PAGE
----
Role of General Medical Services in Diabetic Eye Disease
AT Bettersight we recognise the help that our colleagues in general practice and in hospital diabetes clinics can provide for patients who develop any noteable diabetic eye problems.
Many studies over the years have demonstrated the importance of better sugar control, better blood pressure control and better cholesterol control in helping to reduce the rate of progression of diabetic eye complications.
In our view the two major landmark studies that give us clear guidance on the importance of general medical care in reducing the risk of diabetes related complications are:
- UKPDS (UK Prospective Diabetes Study) – This examined the impact of general medical controls in type 2 diabetics
- The DCCT (Diabetes control and complications trial) – This examined the impact of general medical controls in type 1 diabetics
Learn more about these two major studies below.
- The UKPDS Trial
The landmark UK Prospective Diabetes Study (UKPDS) study conducted in type 2 diabetes patients and involving 5102 patients showed the following conclusions :
- Lowering the HBA1c ( a measure of glucose control) from an average of 7.9% down to 7.0% with ‘intensive treatment measures’ showed a very significant 25% reduction in the prospect of advancing diabetic eye disease, diabetic kidney disease and possibly also diabetic nerve problems.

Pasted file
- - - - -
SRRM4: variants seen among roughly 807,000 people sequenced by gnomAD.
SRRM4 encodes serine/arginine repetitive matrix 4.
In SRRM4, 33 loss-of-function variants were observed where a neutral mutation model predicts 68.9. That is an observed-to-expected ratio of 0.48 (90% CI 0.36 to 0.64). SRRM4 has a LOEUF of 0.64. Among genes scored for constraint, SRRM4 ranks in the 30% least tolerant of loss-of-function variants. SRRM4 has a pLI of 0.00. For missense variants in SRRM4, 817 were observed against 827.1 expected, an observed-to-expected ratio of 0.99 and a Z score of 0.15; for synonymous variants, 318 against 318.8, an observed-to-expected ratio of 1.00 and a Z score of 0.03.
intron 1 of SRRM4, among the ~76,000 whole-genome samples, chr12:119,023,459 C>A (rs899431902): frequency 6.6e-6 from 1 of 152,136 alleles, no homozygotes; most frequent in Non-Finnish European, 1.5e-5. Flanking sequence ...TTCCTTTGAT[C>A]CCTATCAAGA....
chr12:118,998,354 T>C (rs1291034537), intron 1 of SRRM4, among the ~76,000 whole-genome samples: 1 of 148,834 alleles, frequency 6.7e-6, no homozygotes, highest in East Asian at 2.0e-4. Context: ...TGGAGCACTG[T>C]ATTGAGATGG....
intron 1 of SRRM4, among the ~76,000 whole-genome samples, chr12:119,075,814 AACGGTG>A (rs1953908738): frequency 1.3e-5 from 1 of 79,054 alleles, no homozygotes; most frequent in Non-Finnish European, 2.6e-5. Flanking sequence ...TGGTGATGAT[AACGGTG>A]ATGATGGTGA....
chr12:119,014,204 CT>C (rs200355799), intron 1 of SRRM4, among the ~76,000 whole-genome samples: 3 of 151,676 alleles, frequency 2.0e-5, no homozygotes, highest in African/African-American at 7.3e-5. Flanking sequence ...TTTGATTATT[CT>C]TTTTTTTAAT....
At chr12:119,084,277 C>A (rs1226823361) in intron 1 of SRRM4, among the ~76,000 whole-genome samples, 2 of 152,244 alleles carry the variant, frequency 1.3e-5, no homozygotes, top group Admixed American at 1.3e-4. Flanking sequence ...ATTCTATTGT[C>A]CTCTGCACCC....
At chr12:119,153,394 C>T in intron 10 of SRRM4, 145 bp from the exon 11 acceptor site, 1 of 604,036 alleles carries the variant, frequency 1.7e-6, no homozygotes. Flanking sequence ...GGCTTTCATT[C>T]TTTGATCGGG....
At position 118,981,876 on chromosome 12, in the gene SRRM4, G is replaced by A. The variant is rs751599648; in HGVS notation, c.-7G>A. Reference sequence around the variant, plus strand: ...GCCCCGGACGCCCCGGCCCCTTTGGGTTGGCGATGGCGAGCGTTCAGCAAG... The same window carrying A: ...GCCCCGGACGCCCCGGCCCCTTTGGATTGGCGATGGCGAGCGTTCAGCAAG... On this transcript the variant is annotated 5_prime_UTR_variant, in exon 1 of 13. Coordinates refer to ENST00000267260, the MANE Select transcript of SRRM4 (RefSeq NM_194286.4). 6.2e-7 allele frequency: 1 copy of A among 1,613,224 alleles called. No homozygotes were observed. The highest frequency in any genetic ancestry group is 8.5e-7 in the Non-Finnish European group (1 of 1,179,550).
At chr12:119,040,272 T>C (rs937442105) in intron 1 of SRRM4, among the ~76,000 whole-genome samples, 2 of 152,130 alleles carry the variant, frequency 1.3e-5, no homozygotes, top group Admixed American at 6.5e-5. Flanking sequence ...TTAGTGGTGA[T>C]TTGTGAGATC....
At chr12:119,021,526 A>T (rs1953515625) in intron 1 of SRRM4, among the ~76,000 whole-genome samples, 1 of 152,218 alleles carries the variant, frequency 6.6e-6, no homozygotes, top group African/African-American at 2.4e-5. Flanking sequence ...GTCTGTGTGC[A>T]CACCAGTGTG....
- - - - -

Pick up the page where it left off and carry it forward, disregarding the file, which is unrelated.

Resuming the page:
- Every 1% reduction in HBA1c led to a 35% reduction in the risk of diabetic eye and kidney complications !
- Even those patients who started of with ‘good control’ in the study showed some additional benefit from further blood glucose lowering
- Every 1% reduction in HBA1c led to a 25% reduction in diabetes related deaths
- A clear relationship existed between blood pressure control and all the above outcomes too.
These outcomes have paved the way for better management of diabetes in the UK for over two decades now.
- The DCCT
This trial was completed in 1993 and involved 1441 patients between the ages of 13 to 39 with type 1 diabetes across 29 medical centres in the US.
The major findings of the DCCT were that ‘intensive control of blood glucose aiming for HBA1c levels as close as possible to 6%’ led to :
- A 76% reduction in the risk of eye disease development
- A 50% reduced risk of kidney disease and
- A 60% reduction in the risk of diabetic nerve problems (neuropathy).
The study volunteers were then followed up on a longer term basis to see what further impacts arise in with better control – this was called the EDIC study (Epidemiology of diabetes interventions and complications). The EDIC follow on study led to the following major conclusion :
Intensive glucose control reduces the risk of
- Any cardiovascular event (e.g stroke or heart attack) by 42%
There was little doubt about the positive impact of better glucose control in type 1 diabetes !